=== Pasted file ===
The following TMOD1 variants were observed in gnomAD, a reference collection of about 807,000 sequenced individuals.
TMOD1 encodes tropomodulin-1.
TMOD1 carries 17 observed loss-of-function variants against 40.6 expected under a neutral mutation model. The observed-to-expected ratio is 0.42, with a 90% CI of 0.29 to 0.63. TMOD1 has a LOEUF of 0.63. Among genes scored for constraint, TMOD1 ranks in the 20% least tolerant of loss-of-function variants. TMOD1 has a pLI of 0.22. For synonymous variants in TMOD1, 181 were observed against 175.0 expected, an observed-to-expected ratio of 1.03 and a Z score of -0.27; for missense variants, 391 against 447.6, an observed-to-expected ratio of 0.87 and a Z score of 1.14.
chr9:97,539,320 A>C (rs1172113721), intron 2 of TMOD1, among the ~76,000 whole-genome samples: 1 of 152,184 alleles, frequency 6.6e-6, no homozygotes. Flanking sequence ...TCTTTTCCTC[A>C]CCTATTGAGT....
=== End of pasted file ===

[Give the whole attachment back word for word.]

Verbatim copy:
The following TMOD1 variants were observed in gnomAD, a reference collection of about 807,000 sequenced individuals.
TMOD1 encodes tropomodulin-1.
TMOD1 carries 17 observed loss-of-function variants against 40.6 expected under a neutral mutation model. The observed-to-expected ratio is 0.42, with a 90% CI of 0.29 to 0.63. TMOD1 has a LOEUF of 0.63. Among genes scored for constraint, TMOD1 ranks in the 20% least tolerant of loss-of-function variants. TMOD1 has a pLI of 0.22. For synonymous variants in TMOD1, 181 were observed against 175.0 expected, an observed-to-expected ratio of 1.03 and a Z score of -0.27; for missense variants, 391 against 447.6, an observed-to-expected ratio of 0.87 and a Z score of 1.14.
chr9:97,539,320 A>C (rs1172113721), intron 2 of TMOD1, among the ~76,000 whole-genome samples: 1 of 152,184 alleles, frequency 6.6e-6, no homozygotes. Flanking sequence ...TCTTTTCCTC[A>C]CCTATTGAGT....